The operation unit 19 indicates a part to be operated by the user. The part is equivalent to an operation key or a dial explained with reference to FIG. 1. Operation information given by the key or dial is supplied to the system controller 11, which then controls the target item according to the operation information.
The display unit 20 is provided on the case of the reading & playback apparatus as shown in FIG. 1 and controlled by the system controller 11.
The system controller 11 is taken as a microcomputer provided with a CPU, a program ROM, a RAM, and an interface, and so on. In this embodiment, the system controller 11 is formed so as to be able to realize the above-mentioned disc check mode function.
<2. Cluster format>
First, the unit of cluster will be explained below.
FIGS. 3A to 3E show the format of clusters, which is the unit of recording in the mini-disc system.
As shown in FIG. 3A, clusters CLs are formed continuously as recording tracks in the mini-disc system. One cluster is the minimum unit of recording. One cluster is the minimum unit of recording. One cluster is equivalent to 2 to 3-round tracks, although it depends on the difference between inner and outer periphery lengths.
As shown in FIG. 3B, one cluster CL comprises a linking area of 4-sectors as sectors SFC to SFF and a main data area of 32-sectors shown as sectors S00 to S1F.
One sector is a data unit comprising 2352 bytes.
The four sectors of SFC to SFF are used for recording sub-data or used as a linking area. TOC data, audio data, and so on are recorded in the main data area comprising 32 sectors.
An address is recorded in each sector.
As shown in FIG. 3C, a sector is further divided into sound groups. Two sectors, which makes a pair, are divided into 11 sound groups.
As shown in FIG. 3D, the consecutive two sectors, an even number sector such as sector S00 and an odd number sector such as sector S01, contain sound groups SG00 to SG0A. One sound group comprises 424 bytes with volume of audio data equivalent to 11.61 msec.
In one sound group SG data is recorded so that it is divided into right channel data and left channel data. For example, a sound group SG00 comprises L channel data L0 and right channel data R0. A sound group SG01 comprises L channel data L1 and R channel data R1.
The area of 212 bytes used for an area of right or left channel data is called as a sound frame.
<3. Configuration of the encoder & decoder>
FIG. 4 is a block diagram showing the configuration of the major part of the decoder in the EFM/ACIRC encoder & decoder 8 shown in FIG. 2. The decoder outputs data after carrying out an EFM demodulation and an ACIRC (Advanced Interleave +CIRC) decoding for the data.
The played back RF signal output from the RF amplifier 7 is converted to binary signals in the binary converter 51, then supplied to the EFM demodulator 53 via the register 52 to be EFM-demodulated. In other words, the RF signal is subjected to an 8-14 conversion.
The output of the binary converter 51 is supplied to the PLL circuit 54, which then generates clocks synchronized with the EFM signal.
The sync detector 55 detects the frame sync of the EFM signal. The sync detector 55 also protects windows for detecting the frame sync and interpolates frame sync patterns in preparation for the detection of the same frame sync pattern or the failure of detection of the original frame sync caused by influences of drop out or jitter. In addition, when no frame sync pattern is detected properly for a certain time, the window protection and frame sync interpolation processings are stopped and a processing for Re-Sync is executed.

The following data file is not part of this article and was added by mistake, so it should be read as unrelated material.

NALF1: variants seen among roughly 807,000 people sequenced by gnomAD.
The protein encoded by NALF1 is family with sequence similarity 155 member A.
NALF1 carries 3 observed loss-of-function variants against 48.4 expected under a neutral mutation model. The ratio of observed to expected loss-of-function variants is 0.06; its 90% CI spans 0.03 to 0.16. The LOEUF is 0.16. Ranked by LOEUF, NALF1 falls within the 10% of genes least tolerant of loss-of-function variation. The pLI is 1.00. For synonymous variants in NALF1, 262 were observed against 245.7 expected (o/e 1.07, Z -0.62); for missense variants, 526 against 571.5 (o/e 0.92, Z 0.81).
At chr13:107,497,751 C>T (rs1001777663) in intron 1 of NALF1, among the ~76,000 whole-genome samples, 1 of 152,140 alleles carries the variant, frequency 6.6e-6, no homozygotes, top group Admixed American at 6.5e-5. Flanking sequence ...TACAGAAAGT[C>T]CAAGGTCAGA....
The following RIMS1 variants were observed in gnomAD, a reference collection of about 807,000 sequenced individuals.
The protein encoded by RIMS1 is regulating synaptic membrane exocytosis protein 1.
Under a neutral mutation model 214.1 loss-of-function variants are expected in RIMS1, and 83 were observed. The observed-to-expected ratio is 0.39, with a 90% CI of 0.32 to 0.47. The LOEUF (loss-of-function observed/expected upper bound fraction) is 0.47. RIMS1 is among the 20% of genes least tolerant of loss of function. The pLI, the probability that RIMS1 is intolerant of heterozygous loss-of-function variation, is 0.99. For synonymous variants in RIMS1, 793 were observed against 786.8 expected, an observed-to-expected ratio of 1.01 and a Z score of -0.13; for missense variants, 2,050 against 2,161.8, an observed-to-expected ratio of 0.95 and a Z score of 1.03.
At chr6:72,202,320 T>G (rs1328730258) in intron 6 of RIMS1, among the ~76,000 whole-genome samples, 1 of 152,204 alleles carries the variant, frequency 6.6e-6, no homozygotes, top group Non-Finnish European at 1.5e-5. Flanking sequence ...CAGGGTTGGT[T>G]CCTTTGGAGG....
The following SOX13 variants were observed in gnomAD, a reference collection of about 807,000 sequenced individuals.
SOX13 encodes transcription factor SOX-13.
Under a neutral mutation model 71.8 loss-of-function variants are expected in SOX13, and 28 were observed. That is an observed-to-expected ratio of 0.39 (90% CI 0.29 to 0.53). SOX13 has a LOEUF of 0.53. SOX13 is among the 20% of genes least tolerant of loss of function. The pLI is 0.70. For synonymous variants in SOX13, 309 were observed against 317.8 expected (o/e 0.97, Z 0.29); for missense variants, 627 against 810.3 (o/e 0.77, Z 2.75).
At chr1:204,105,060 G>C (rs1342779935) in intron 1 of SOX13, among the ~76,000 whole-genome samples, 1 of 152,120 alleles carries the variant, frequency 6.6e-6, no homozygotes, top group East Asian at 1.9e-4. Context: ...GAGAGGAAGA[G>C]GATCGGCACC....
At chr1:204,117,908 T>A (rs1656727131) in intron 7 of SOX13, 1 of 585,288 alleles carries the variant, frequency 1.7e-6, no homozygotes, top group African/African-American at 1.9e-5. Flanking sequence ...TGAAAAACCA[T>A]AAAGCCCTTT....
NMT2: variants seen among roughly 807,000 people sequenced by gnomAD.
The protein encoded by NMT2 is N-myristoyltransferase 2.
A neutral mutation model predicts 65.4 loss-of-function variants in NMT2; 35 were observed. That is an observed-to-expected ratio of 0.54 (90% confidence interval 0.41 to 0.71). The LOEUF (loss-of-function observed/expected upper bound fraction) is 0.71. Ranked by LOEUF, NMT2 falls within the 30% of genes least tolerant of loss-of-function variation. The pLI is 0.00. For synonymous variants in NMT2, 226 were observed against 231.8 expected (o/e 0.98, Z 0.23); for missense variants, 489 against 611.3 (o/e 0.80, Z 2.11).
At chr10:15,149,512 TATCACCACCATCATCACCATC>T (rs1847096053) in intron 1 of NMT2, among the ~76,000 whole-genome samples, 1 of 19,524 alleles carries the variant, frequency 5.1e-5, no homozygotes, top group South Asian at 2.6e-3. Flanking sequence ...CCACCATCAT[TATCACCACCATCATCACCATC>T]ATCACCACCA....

The register 52 thus functions according to the output of the sync detector 55.
The data demodulated in the EFM demodulator 53 is entered to the RAM 58 via the bus 57.
The address generator 59 generates write and read addresses corresponding to various requests output from the multiplexers 62 and 67.
The outputs from the write base counter 60 and the read base counter 61 are selected by the multiplexer 62 and supplied to the address generator 59.
The outputs of the RAM write request generator 64, the RAM read request generator 65, and the C1 or C2 request generator 66 are selected by the multiplexer 67 and supplied to the address generator 59.
The write base counter 60 and the read base counter 61 count data in frames. The write base counter 60 is used to write EFM-demodulated data in the RAM 58. The write base counter 60 counts the frame sync detected by the sync detector 55.
The RAM write request generator 64 generates write requests corresponding to the frame sync detected by the sync detector 55. In other words, data is written in the RAM 58 according to the clock of the PLL system synchronized with the EFM signal.
The read base counter 61 counts the clocks output from the timing generator 56 that generates stable clocks of a quartz oscillator system. The RAM read request generator 65 and the C1 or C2 request generator 66 also receives clocks from the timing generator 56 and generates request signals corresponding to the clocks. Thus, signals are read out from the RAM 58 according to the stabilized clocks. Although the clocks of the PLL system synchronized with the EFM signal contain hunting in the servo system of the disc rotation, the operation of reading out the data from the RAM 58 according to the stabilized clocks also makes the RAM 58 execute the correction as to the time axis.